As a small child in the late 1960’s and early 70’s, my grandpa owned a market store in a small town in Northern Minnesota.  To me, the best part about his occupation was free ice cream treats and leftover comic books (the out-of-date ones no one had purchased).   These unwanted issues were wide-ranging.  My brothers and I shared our collection; we had everything from Marvel and DC superheroes, Classics Illustrated, to the run of the mill Disney and Harvey comics.  We each had our favorites. For my older brother it was the super heroes and for my younger brother it was Disney (especially Duck Tales).

My favorite childhood comic, however, was called “Fruitman”.  I loved it!  I only had one issue, so I read it over-and-over. In fact, I read it so much, I destroyed it.  The premise of the series centered on a guy who owned a fruit stand, the kind you see in New York City, with fruit proudly displayed on the sidewalk. As an average looking man, the main character, Mr. Pineapple wasn’t handsome, smart or strong. His  special power enabled him to change into fruit and fight crime.  Looking back, I think I loved the idea of this average Joe superhero because he resembled my grandfather. It allowed me to imagine this man who I loved with his humped back, thin frame and coke bottle glasses fighting crime in small town Minnesota (I imagined there must be loads of crime up there near the Canadian border – perhaps smuggling across the oh-so-very dangerous northern frontier).

During my teenage years I lost track of Fruitman, and lost interest in him until my 30’s.  By that point, I didn’t know what had happened to the comic book itself.  I tried to research it, but I couldn’t find anything about Fruitman on Google (keep in mind this was back in the 2000’s and although Google was the best search engine, AOL still actually competed for market share by mailing out CDs to potential customers).

Over the years, I’ve asked most of the comic book collectors I’ve crossed paths with (including our very own Chicago Geek Guy) if they could tell me anything about Fruitman.  They gave me a blank stare for a response, every time.  I started to wonder if Fruitman was a figment of my imagination.  It plagued me. Perhaps I had dreamed him up?  Was I having a senior moment, pre-50?  And if so, what were the implications for me in the future? Would I begin to remember old TV shows that didn’t exist either?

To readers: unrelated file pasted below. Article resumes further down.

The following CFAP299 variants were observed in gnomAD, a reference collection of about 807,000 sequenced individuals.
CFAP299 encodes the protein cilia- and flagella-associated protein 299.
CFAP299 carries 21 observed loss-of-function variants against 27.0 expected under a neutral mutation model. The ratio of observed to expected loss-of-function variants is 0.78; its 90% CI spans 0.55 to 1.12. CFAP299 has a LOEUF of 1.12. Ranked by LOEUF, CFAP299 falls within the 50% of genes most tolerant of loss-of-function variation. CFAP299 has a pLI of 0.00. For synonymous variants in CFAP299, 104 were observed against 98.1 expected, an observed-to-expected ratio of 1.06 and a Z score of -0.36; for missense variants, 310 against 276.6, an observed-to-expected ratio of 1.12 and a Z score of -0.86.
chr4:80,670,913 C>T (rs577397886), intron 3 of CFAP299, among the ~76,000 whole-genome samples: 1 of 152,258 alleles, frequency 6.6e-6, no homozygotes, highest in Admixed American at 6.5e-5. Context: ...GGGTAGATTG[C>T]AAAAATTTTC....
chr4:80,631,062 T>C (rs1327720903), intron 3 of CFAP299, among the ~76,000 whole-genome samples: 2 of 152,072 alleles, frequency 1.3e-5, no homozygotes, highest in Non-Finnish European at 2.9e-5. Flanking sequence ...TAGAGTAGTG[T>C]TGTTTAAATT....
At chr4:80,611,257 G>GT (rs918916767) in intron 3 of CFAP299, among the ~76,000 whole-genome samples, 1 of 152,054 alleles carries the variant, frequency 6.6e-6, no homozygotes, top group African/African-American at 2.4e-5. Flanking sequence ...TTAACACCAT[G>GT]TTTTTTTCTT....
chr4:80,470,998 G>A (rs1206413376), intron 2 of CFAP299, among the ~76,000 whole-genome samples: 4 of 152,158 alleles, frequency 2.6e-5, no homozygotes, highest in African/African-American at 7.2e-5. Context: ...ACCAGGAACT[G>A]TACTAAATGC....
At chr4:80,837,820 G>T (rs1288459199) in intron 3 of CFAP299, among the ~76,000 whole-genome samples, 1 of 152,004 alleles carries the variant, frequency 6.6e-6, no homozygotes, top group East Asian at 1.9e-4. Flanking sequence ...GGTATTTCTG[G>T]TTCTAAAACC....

By last summer at the age of 48, during a visit to my parent’s home in Minneapolis, I decided to dig out the old comic box and find out exactly how worried I should be about my future capabilities.  I carefully sorted through every issue and every old piece of paper in the box. Lo and behold, I found two tattered pages of Fruitman!  I was thrilled to know I wasn’t losing my mind.

On that day, I decided to learn more about Fruitman. He had been on my list of things to do for about a year. This week, I decided to finally research Fruitman.  I Googled the comic again.  This time Fruitman showed up right away!  In fact, for $55.86 (plus $5 shipping) another copy of Fruitman could be mine!

I’ve since learned that Fruitman’s run lasted only one issue (and perhaps the reason no one purchased it from my grandpa’s store). Harvey comics originally published the stories in the back of an Archie-like comic called “Bunny, Queen of the In-crowd.” In 1969, Fruitman appeared as the star of his one-and-only issue. With some additional research, I learned that the issue was drawn by Ernie Colon, but otherwise the folks who created my favorite comic remain unknown.

I actually located jpegs of the entire comic online.  Reading the issue as an adult, I can understand why I loved it. The issue is a silly spoof on superhero comics, perfect reading for a seven year-old girl.  As I remembered, he really wasn’t anything special, and certainly closer in physique to my grandpa than to Superman. It’s not terribly well written. As an adult, I would describe the short vignettes as mostly disjointed and incomplete.  However, on the whole I still find parts of it perfectly silly in the best possible way. Rather than describing the issue any further, I will let you judge for yourself.  So, without further ado, I bring you Fruitman: